Hello and welcome, this Maundy Thursday to Conwy. I’m sitting in the Vicarage kitchen, where just a few short weeks ago we made over a hundred pancakes for our ‘Open House’ Pancake party. There were people crowded into the dining room and living room, tucking into food and enjoying chatter.
In fact, it’s been hospitality that we’ve really enjoyed here in the past few years. But the openness we’ve tried to create here in the Vicarage is but a pale imitation of the radical hospitality of Jesus at the Last Supper. And that is our focus today. Read the whole story in John Chapter 13. Jesus at the table with those he’s come to know well. He doesn’t only offer them food, he washes, first, their feet – he ministers to them. Our friend Sarah introduced me to this painting by Stanley Spencer:
The Last Supper Painting by Stanley Spencer
See all those sets of feet, and light playing on their newly washed toes – it’s almost like they are enjoying the fresh air, made clean and new, despite some of them being decidedly bony and contorted. They have had the dirt from right between their toes washed away, as a pre-figuring of what is to come. For when Jesus goes to the cross for them, the following day, he is going to take every part of their messiness upon himself. Their feet are, if you like, under the table, God’s table.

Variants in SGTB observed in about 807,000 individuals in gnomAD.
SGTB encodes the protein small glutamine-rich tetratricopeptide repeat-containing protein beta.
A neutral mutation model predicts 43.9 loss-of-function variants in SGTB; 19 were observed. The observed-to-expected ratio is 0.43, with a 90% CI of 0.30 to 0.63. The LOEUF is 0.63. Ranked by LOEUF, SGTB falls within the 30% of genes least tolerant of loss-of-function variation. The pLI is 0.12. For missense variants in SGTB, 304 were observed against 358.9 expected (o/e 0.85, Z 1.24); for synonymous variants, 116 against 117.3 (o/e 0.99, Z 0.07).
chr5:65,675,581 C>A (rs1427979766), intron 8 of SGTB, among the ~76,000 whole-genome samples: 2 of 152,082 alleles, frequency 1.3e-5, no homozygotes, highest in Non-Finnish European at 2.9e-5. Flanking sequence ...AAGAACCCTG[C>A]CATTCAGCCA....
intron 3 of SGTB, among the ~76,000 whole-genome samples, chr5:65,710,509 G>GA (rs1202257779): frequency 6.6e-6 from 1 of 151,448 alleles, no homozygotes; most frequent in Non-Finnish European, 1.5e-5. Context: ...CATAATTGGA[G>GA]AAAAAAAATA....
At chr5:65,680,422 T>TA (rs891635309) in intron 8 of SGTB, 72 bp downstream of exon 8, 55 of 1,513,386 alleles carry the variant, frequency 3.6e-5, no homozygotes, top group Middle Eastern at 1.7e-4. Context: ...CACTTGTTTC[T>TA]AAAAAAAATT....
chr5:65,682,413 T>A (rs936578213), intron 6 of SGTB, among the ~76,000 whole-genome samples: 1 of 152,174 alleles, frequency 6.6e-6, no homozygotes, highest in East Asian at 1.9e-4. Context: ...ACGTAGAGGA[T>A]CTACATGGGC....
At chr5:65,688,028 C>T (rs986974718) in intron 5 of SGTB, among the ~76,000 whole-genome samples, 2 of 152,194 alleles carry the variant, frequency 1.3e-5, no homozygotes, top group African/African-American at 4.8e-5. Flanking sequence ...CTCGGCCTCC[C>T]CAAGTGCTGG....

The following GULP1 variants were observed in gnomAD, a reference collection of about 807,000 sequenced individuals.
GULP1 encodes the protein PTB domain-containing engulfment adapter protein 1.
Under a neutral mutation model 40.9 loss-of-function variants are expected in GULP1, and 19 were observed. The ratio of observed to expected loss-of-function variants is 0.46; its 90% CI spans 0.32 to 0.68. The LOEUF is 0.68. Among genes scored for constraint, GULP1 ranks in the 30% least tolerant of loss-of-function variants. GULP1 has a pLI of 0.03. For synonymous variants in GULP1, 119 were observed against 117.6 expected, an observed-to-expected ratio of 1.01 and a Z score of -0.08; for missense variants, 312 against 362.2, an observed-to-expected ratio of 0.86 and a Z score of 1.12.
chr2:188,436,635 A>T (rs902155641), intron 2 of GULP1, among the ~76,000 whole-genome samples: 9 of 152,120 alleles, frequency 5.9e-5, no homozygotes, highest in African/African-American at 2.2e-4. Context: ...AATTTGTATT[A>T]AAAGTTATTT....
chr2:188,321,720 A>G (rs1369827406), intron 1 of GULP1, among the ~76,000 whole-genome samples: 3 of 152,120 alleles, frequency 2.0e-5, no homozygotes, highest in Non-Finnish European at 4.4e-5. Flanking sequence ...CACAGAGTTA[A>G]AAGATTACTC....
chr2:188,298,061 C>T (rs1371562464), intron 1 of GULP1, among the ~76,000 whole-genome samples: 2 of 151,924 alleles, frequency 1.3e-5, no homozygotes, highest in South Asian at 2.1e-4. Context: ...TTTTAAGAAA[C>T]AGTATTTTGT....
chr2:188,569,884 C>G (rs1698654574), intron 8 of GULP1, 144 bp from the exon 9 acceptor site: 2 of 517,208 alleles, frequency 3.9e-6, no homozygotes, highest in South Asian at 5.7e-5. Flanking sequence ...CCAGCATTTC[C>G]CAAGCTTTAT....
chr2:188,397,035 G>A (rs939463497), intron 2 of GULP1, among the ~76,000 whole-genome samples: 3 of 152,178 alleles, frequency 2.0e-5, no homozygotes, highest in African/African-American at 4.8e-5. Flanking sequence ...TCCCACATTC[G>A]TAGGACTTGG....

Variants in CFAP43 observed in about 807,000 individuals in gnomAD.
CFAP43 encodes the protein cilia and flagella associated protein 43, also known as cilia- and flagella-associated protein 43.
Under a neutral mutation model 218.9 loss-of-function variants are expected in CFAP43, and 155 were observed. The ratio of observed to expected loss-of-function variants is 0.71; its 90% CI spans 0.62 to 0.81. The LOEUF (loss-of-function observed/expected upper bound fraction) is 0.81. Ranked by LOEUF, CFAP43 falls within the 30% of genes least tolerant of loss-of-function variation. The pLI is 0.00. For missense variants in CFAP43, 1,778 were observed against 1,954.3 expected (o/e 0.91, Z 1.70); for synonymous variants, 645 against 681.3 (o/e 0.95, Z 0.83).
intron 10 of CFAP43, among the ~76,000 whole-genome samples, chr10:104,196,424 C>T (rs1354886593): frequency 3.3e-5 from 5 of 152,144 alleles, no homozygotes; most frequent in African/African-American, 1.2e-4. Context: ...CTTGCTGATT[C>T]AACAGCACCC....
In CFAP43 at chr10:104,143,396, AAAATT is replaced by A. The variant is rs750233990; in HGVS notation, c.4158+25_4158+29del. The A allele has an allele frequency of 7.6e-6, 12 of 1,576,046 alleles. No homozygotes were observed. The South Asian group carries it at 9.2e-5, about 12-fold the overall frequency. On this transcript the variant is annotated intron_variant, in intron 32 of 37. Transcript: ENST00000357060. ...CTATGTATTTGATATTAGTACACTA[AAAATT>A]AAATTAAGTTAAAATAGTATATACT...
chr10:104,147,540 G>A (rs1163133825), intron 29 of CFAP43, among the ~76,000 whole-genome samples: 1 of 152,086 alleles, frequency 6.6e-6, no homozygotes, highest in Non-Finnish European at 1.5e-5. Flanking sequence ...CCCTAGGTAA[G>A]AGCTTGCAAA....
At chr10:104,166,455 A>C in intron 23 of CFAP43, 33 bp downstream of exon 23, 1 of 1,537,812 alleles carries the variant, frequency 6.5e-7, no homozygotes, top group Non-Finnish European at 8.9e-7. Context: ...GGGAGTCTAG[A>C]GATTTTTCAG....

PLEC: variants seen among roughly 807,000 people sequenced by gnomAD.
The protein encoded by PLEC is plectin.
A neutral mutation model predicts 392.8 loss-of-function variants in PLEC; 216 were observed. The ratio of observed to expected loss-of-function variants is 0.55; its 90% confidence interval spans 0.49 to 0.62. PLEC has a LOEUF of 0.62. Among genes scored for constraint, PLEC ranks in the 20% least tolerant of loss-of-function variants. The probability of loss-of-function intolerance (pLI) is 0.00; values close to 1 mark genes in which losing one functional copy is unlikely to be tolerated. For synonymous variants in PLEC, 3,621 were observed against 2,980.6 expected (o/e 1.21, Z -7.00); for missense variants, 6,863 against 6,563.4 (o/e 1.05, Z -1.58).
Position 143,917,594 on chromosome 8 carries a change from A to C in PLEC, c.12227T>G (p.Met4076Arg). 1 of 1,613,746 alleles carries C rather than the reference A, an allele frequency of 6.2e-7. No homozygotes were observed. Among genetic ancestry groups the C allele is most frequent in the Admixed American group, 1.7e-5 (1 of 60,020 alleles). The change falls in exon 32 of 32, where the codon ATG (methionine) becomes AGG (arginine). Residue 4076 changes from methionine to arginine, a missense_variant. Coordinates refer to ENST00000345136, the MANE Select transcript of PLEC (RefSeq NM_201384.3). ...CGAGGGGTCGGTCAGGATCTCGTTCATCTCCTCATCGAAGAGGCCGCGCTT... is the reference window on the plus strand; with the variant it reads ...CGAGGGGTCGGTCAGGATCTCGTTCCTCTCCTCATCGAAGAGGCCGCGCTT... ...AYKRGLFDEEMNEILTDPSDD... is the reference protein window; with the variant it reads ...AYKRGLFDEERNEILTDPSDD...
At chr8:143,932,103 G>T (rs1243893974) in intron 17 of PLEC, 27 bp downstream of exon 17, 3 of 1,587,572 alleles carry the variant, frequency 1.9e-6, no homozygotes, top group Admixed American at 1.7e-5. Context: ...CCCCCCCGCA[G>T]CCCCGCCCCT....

But what does that have to do with us now? And this year of all years, when we can’t have a physical meal together. My heart absolutely yearns for the day when we can be together again, here in the Vicarage, enjoying each other’s company. Just as I yearn for the day when I can be re-united with those whose physical company I can’t share in this life, but I will be able to share, and with laughter, again in heaven.
In the death and resurrection of Christ, that we are about to mark this Easter weekend, in the most disorientating of circumstances, we especially need to hear his invitation – his radically hospitable invitation, to take a seat at his table.
The Last Supper Window at St. Mary’s Church (Conwy) © alamy
This is my favourite window in St Mary’s Conwy. Judas has left his cloak in haste, he is seen top right exiting with his money bag. His empty seat is right opposite Jesus. It’s the seat that we’re invited to take. Despite all the mess we’re in. Whoever we are, from wherever we’ve come, whether we’ve still got stuff to deal with … he will wash every bit of it away. We can accept his invitation to come and rest awhile in his hospitable company.
Imagine taking that empty seat now as we pray together:
So here, I’ve come, I’ve pulled up a chair to sit with others – some I know, some I don’t. Some are like me, some aren’t. But I’ve joined them, here, Lord at your table.
I come with empty hands and dirty feet, and a rumbling belly, hungry for hope. I come as your guest, and with your very self, with water, bread and wine you will make me whole.
You will set me free to serve you, to serve all those you call me to be in company with. May I, in turn, wash their feet and not run away – ever again.